A tour de force—catnip.

The New York Times

A novella and two short stories reveal Tanizaki at his best and most bizarre

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A Cat, A Man, and Two Women

Fiction by Junichiro Tanizaki

Translated from Japanese by Paul McCarthy

The three pieces in this collections—the novella “A Cat, A Man, and Two Women” and two shorter pieces, “The Little Kingdom” and “Professor Rado”—are lighthearted and entertaining variations on one of Tanizaki’s favorite preoccupations: dominance and submission in relationships, complicated here by customs, public opinion, and comic grotesqueries.

In the title piece, the bumbling Shozo is caught in the middle of an ongoing struggle between his ex-wife and her younger successor. Shozo would prefer to stay out of it and be peacefully left alone with his elegant tortoiseshell cat, Lily, but he keeps getting dragged back into the battles and arguments. The result is an oddball love triangle centered around Lily, the only true object of Shozo’s affections—“one of the finest pieces of literature concerning cats ever written” (Choice).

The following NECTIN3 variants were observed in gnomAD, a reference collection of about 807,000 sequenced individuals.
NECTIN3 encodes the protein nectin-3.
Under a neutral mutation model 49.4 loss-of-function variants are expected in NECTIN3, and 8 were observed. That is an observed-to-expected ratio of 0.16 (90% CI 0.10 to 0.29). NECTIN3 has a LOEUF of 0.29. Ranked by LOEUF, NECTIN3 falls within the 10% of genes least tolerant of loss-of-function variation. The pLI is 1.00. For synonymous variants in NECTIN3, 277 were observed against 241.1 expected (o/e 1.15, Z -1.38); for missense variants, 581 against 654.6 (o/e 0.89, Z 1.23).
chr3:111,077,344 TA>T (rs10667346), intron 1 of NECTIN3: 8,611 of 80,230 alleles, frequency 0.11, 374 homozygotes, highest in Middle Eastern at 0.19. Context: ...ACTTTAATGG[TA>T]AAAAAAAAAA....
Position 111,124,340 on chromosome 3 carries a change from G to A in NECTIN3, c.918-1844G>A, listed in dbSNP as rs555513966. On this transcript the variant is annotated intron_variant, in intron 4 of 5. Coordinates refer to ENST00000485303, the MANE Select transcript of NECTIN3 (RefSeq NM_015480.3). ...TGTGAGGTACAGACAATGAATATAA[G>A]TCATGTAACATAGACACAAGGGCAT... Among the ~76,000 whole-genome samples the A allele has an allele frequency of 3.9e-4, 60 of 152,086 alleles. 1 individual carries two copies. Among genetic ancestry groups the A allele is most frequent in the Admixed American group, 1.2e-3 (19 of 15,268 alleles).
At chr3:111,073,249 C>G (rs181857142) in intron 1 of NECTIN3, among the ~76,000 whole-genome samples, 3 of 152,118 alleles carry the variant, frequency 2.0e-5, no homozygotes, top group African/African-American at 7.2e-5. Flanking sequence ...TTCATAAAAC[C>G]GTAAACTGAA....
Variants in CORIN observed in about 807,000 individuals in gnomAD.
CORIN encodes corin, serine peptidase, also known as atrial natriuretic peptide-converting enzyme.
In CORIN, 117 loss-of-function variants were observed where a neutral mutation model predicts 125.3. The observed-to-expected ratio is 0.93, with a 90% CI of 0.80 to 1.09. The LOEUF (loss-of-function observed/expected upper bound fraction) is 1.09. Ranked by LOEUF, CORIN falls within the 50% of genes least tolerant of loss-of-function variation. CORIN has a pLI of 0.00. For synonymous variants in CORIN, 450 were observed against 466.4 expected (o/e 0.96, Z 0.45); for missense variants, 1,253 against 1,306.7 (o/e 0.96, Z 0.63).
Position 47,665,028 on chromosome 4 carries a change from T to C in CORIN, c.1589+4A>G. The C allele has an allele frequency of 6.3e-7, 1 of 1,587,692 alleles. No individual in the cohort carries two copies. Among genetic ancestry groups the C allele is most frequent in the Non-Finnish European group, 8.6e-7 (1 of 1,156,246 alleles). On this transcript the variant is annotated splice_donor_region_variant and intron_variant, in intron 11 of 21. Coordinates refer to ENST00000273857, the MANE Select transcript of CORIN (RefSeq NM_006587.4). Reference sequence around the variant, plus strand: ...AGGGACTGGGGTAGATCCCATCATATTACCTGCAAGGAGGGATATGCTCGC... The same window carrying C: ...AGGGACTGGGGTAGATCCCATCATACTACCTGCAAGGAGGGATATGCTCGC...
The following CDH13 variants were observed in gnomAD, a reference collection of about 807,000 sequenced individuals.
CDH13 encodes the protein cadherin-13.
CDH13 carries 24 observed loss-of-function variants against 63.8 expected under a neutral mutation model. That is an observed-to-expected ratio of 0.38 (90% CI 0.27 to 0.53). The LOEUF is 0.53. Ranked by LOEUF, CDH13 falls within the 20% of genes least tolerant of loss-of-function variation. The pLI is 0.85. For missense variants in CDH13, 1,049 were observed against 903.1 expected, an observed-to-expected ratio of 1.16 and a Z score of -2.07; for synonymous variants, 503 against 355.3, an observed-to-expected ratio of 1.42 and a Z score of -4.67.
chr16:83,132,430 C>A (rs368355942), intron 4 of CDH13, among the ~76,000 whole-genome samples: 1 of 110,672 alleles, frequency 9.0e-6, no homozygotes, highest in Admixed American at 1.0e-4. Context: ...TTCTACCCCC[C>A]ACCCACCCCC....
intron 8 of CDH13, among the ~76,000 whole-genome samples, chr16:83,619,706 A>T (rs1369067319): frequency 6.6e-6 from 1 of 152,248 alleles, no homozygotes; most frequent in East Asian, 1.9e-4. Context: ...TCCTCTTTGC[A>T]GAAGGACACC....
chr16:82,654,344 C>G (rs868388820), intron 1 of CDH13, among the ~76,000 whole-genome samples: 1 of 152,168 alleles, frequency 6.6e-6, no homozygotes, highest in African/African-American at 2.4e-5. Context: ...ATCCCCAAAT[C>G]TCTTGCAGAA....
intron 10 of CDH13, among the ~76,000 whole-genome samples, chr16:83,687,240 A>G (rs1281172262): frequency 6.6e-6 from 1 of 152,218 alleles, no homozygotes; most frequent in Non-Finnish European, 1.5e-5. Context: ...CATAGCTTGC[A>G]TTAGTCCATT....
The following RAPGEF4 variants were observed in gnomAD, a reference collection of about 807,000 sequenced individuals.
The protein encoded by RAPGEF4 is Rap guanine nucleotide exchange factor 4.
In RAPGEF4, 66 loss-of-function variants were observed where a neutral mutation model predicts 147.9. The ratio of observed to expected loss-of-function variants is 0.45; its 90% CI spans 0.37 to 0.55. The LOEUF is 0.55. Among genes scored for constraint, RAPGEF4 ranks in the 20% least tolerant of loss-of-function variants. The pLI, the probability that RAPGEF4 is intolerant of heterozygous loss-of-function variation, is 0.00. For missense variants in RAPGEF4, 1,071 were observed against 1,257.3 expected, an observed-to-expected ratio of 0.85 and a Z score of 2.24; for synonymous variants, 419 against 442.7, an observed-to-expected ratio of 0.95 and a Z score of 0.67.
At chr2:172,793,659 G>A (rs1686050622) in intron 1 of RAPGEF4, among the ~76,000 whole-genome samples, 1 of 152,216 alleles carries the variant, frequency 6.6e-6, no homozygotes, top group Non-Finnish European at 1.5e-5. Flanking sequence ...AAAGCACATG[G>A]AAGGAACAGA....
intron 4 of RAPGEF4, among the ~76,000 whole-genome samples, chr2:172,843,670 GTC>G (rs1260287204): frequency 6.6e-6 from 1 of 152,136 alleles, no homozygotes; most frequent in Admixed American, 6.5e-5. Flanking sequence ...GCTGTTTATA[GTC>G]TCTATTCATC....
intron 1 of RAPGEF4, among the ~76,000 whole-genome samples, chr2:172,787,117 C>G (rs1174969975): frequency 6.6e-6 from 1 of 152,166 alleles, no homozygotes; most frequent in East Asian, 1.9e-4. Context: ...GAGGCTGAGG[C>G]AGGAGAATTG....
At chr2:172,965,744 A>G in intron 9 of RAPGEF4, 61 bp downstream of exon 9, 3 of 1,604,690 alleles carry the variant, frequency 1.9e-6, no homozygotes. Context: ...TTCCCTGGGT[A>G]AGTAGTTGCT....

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Portrait of Junichiro Tanizaki

Junichiro Tanizaki

Japanese writer

A tour de force—catnip.

The New York Times

Even his lighter-hearted fictions make us hold our breath, and the endings don’t let us quite exhale.

The New Yorker

Tanizaki’s a really great writer. There’s a humor there that you don’t get in Yukio Mishima. Mishima wouldn’t know a joke if it flew up his nose and died there. But Tanizaki has got this warm ticklishness to his strangeness.

David Mitchell